The Significance of Query Engines in Data Lakes

Query engines sit on top of the data in data lakes and allow users to execute queries on that data. More often than not, query engines are coupled with object lambas that allow users to fully automate analytics pipelines. The emergence of query engines that can access data wherever it lives – on-prem, in the public clouds for a hybrid deployment, on edge or bare metal – has inarguably proved pivotal in ensuring data accessibility and analytics.

These modern query engines have fully decoupled storage and compute in order to focus on query performance and the user experience. Databases large and small that have embraced this pattern include Snowflake, Teradata, Mircosoft SQL Server, DuckDB and others. More and more applications join the cloud-native ranks as it becomes apparent that decoupled storage and compute is a critical part of the modern cloud operating model.

The Future-Proof Move: Query Engines Going S3-Compatible

S3-compatibility is no longer a luxury but a necessity. As the demand for S3 compatibility grows, major datalake, data storage, query engine and ETL platform makers are driving the transition. This shift is a response to the evolving needs of businesses that require interoperability between the modular components of the cloud-native data stack. Everything must work together by design or be left behind in the pursuit of actionable data insights.

Cost Savings and Freedom

Shifting operations from the cloud to on-premises infrastructure can lead to substantial cost savings. The success of companies like X, which achieved a 60% reduction in monthly cloud costs through their cloud repatriation initiative, serves as an inspiring example of what's possible. However, there are other benefits besides simple cost effectiveness to building on private clouds.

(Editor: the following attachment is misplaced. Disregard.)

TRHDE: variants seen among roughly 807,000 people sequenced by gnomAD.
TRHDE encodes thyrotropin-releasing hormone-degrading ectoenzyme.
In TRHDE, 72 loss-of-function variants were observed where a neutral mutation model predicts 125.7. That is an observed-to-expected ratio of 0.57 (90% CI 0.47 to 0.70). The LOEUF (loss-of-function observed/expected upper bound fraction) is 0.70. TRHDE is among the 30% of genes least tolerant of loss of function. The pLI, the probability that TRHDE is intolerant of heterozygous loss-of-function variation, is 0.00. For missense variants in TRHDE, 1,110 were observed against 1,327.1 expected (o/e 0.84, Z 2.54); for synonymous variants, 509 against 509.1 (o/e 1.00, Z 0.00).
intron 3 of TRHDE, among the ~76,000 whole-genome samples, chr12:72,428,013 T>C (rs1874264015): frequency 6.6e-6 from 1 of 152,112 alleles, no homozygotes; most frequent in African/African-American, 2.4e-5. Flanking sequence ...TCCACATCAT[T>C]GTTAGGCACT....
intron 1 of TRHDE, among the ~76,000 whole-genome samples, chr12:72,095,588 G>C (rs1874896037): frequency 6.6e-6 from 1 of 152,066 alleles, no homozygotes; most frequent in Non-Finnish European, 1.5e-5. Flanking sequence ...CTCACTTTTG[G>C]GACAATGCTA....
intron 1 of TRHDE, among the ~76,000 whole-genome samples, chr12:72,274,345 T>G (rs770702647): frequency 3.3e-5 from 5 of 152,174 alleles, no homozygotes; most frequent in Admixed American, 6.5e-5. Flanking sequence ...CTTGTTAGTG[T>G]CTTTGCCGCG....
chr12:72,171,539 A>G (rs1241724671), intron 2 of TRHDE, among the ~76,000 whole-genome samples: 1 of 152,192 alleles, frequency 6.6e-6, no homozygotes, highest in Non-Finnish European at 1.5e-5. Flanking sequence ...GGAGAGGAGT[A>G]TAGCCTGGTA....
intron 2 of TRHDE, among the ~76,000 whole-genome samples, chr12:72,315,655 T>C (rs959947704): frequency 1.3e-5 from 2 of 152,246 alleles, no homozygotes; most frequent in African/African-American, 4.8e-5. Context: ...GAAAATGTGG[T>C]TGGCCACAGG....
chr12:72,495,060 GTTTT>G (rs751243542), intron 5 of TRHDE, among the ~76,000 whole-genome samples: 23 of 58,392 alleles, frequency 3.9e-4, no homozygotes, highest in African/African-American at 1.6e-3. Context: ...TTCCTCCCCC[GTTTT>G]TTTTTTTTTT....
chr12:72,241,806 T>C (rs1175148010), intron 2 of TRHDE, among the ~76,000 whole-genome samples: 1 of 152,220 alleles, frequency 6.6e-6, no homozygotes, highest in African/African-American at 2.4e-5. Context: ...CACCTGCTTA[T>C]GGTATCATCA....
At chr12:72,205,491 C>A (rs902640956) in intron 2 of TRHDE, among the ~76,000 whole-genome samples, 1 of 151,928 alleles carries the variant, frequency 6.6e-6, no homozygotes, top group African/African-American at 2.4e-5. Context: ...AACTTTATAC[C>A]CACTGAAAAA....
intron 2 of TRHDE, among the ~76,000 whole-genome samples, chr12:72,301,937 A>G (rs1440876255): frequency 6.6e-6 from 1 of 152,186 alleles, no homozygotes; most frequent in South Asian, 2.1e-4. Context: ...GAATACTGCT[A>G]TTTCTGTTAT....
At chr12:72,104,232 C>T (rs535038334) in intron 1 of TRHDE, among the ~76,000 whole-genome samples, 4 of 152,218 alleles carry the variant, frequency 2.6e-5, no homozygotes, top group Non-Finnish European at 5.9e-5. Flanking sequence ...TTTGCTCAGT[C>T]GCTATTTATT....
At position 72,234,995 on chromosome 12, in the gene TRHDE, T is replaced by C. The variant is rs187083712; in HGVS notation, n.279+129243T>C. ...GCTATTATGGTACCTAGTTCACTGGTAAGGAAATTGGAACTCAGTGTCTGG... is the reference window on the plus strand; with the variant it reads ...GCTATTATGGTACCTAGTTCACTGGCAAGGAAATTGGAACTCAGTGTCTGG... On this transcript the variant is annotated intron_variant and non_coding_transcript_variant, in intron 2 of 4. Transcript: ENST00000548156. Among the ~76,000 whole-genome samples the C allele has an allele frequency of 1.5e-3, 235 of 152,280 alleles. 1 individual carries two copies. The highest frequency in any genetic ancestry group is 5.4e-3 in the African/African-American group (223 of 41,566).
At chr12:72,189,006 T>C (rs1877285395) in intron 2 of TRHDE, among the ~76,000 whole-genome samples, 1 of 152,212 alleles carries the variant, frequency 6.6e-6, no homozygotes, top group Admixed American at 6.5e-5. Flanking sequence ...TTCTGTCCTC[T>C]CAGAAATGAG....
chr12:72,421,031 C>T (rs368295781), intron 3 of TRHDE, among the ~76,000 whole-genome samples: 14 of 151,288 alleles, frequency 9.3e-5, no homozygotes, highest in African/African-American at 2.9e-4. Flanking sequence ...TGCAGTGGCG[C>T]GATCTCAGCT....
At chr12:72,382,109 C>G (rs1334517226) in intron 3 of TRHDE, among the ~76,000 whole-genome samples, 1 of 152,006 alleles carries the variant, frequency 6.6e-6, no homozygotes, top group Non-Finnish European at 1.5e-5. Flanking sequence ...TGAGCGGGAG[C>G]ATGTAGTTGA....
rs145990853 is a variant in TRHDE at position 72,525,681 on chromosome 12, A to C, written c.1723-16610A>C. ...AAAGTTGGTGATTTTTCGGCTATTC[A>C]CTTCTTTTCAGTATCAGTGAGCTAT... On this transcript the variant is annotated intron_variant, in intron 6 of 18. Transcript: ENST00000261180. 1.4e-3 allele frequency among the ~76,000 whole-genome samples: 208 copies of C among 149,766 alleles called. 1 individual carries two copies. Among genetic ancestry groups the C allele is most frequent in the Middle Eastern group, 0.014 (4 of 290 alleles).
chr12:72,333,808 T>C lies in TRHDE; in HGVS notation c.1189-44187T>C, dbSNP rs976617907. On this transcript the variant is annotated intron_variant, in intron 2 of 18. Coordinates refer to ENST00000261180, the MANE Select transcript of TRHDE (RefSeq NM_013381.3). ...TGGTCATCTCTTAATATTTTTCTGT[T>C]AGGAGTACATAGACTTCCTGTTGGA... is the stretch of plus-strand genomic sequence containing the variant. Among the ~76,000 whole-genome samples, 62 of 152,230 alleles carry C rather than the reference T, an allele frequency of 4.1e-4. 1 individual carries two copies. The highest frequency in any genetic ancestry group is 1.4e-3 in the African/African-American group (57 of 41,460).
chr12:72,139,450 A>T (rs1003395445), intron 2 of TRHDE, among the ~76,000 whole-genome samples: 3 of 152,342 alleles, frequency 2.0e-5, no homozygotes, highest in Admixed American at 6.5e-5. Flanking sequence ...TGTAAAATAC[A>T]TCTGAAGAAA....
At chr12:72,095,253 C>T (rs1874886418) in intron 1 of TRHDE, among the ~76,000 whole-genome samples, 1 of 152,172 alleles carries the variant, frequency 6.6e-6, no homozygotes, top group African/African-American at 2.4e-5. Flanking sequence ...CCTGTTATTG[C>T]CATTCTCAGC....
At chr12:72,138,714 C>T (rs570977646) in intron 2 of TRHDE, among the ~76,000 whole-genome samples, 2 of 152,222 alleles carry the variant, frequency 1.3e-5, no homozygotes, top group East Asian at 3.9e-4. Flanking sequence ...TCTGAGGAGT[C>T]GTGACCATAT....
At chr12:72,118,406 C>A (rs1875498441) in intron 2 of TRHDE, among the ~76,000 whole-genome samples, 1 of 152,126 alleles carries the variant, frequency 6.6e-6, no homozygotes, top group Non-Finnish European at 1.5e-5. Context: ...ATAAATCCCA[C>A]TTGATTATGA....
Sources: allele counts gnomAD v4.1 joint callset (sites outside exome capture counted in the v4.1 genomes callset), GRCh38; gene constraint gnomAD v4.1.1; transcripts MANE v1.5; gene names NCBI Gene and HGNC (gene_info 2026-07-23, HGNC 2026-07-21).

Private clouds enable:

Regulatory Compliance: Often, the internal policies of organizations drive the decision of where to build the modern data lake. Industries with financial, health care, national security, or other sensitive data simply cannot store their data on the public clouds for legal and compliance reasons. To move forward with a cloud strategy, they must build privately.

Security Controls: Enterprises concerned about the security and privacy of sensitive data have increasingly found that moving data in-house allows them to implement stringent security measures and exert complete control over data access.

Integrations: The best-of-breed tools for your Enterprise don’t come bundled together on the public clouds. They are found wherever innovation lives. Don’t get hobbled by the public cloud’s offerings.

Breaking Down Data Silos: An overarching cloud architecture backed by highly performant object storage such as MinIO unites data that was previously application-specific. This model reaches data wherever it lives allowing your teams to work with your data using the latest tools and collaborate securely. 

These other benefits in the end boil down to flexibility over your infrastructure and by extension your data. The key is to keep control over your data because when you let go of it, you also give up the benefits that your data can bring to your business.


The pace of change in the data world can be exhausting. It doesn’t change the fact that we have to continuously adapt and innovate. The architecture and design of datalakes are undergoing a profound transformation as more and more are being deployed to private clouds. This change is driven by truly cloud-native portable formats, the rising significance of query engines instead of RDBMS, the importance of S3 compatibility, and the rise of software-defined infrastructure – all of which combine to yield the freedom and flexibility of the private cloud. More importantly, the long-term result of the cloud operating model is that it challenges enterprises to build tools and services that are actually cloud-native, not just labeled as such. Embracing these changes leads to cost savings, greater flexibility, and future-proofing your data management strategy. 

Understanding and harnessing these shifts is your path to success in the ever-evolving data ecosystem.